Tuesday, 24 May 2011

Diary of a Caledonian Sleeper


Today’s news about the closure of Scottish airports because of Icelandic volcanic dust reminds me that there are other ways to get North of the Border. A couple of years ago, at roughly this time of year, I did a 36-hour round-trip on the Caledonian Sleeper to Fort William. This is one of only two remaining sleeper services in the UK and clings tenaciously to its fragile existence. Here’s my indulgent (and, yes, lengthy) account of this equally indulgent (and lengthy) trip in 2009.

Friday 26th June
Today I am taking the first indelible step towards realising a long conceived plan. I’m buying tickets for the Caledonian Sleeper leaving Euston next Tuesday and returning on the very next evening’s Fort William departure.

For years I’ve been aiming to do this trip. Finding the right time in the right space has been the challenge. The journey simply has to be in early Summer when the light is purest and days the longest in northern Britain. That gives me the opportunity to luxuriate from my sleeper berth in the full early morning majesty and evening scenic splendour of the West Highland Line. It also has to be before the schools break up and before the midges hit top gear. It is, frankly, a half-baked romantic and sentimental notion inspired by Great Railway Journeys of the World (GWJofW) and fuelled by the buried urge of an explorer seeking release from a shrink-wrapped, pre-packaged environment.

And now I’m set. The weather looks OK; the convoluted ScotRail timetable appears to provide a train that meets my exacting requirements; there’s a gap in the work diary; and miraculously, it fits with the home diary.

I check the seven bits of cardboard spat out by the auto-ticket teller at the station: Depart 9.15pm Tuesday evening from Euston; arrive 10.00am Fort William on Wednesday morning. Depart 7.50pm on Wednesday evening from Fort William; arrive 7.57am Thursday morning at Euston. 1st class single berth tickets. First class. That’s decadent isn’t it? The truth is that I don’t want to risk sharing my berth with anyone on my special journey. If I want to point my long range lens up against the window to snap a passing glacial corrie then I will, without feeling self conscious because of a bloke in the top bunk. Same goes for mooning up against the glass as we zip through Warrington Bank Quay. Only joking, obviously.  Anyway, because I’ve left it late, two first class singles end up being only a smidge dearer than the standard class return.  Ha!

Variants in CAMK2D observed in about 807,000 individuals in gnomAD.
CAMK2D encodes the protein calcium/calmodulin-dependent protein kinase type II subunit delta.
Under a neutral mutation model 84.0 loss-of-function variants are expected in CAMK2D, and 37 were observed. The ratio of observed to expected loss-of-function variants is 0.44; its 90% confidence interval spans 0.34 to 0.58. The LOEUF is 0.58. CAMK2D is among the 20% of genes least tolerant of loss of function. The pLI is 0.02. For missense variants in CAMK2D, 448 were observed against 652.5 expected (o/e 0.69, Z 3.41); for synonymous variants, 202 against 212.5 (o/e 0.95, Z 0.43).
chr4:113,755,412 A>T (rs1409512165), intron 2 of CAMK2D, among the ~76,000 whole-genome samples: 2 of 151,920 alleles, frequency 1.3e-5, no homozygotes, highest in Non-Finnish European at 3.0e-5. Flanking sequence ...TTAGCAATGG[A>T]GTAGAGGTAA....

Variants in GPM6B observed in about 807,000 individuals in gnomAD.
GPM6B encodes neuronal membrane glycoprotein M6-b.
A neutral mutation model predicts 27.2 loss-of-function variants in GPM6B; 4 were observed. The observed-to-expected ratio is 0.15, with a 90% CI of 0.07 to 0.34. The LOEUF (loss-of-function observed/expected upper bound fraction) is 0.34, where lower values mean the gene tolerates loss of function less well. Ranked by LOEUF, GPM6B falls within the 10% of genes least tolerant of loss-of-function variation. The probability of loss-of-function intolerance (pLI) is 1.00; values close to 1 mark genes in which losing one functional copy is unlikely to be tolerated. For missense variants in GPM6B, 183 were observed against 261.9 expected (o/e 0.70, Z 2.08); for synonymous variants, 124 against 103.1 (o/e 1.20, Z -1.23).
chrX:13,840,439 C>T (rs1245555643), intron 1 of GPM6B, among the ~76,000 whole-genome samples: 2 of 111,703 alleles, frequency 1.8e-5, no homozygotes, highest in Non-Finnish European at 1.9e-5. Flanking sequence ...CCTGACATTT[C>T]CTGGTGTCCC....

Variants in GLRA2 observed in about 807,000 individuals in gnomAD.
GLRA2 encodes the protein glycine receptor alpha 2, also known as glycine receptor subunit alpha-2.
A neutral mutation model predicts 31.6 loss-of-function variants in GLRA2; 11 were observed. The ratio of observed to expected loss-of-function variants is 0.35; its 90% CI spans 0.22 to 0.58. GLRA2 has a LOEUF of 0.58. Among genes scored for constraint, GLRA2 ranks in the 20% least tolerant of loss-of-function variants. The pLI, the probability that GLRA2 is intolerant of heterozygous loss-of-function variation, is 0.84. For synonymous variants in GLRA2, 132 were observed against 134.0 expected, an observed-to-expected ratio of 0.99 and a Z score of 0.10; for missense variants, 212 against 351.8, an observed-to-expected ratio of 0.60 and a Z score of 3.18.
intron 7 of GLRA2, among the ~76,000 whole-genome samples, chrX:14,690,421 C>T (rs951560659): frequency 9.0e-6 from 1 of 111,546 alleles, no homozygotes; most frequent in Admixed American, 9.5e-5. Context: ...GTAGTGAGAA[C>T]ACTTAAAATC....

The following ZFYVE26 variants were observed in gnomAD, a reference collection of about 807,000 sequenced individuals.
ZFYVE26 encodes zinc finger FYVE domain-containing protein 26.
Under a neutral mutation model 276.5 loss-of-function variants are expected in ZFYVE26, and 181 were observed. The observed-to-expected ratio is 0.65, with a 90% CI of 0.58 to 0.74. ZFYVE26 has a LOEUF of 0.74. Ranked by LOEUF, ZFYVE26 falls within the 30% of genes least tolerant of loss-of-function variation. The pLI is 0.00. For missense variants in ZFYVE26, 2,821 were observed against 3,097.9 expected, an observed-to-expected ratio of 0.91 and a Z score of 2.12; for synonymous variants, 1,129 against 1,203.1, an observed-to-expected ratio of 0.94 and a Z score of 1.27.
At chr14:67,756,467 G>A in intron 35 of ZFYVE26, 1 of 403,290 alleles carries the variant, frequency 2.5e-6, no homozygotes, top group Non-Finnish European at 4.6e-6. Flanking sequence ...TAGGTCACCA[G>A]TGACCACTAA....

flowery
Next stop, the library. I pick up a map of Fort William and Ben Nevis: an essential accessory. I feel naked without a map of anywhere I visit. I also borrow rather flowery guide to the West Highland Line to provide the appropriate light weight, sentimental guff needed to reinforce my reasons for going.  

 The journey itself is the real motivation. The vision I hold on to is of the train, known as The Deerstalker (not just a hat, apparently), winding across bottomless sheep-populated bogs, through wide valleys with vertiginous craggy aspects and skirting deep lochs fringed with pine and alder. My own GRJotW moment.

So I haven’t yet given much thought to what I’ll do with my day in the highland honeypot of Fort William. Highlandwalks.com comes to my rescue. I print off a healthy range of high and low altitude, short and medium range walks in and around Glen Nevis that should give me enough to do, depending on weather, fitness, and availability of pubs.

Tuesday 30th June

Morning
Weather not looking good on the BBC forecast. Light showers all day in the vicinity of Fort William. They’ve been wrong all month. I’m not worried about that. Not at all. Better pack the rainmac.

Afternoon
Check the web for a train update. Bad news. It is Delay City. A points failure at Harrow is causing a service meltdown that Bob Crowe can only dream of. Should be clear by tonight, apparently, but I decide to take an earlier train into town anyway.

Evening
Scene of grief
Pitak, the customer assistant at Berko station, won’t even sell me a ticket. Such is the mayhem following this afternoon’s points failure that trains are simply not calling at Berko. Instead, they are all being whistled down the line to get commuters back from London. Of course normally that would be me and I would be grudgingly applauding London Midlands default policy. But today I’m not Mr commuter. I’m Mr Head Spinningly Angry instead. And a bit of Mr Uncertain too.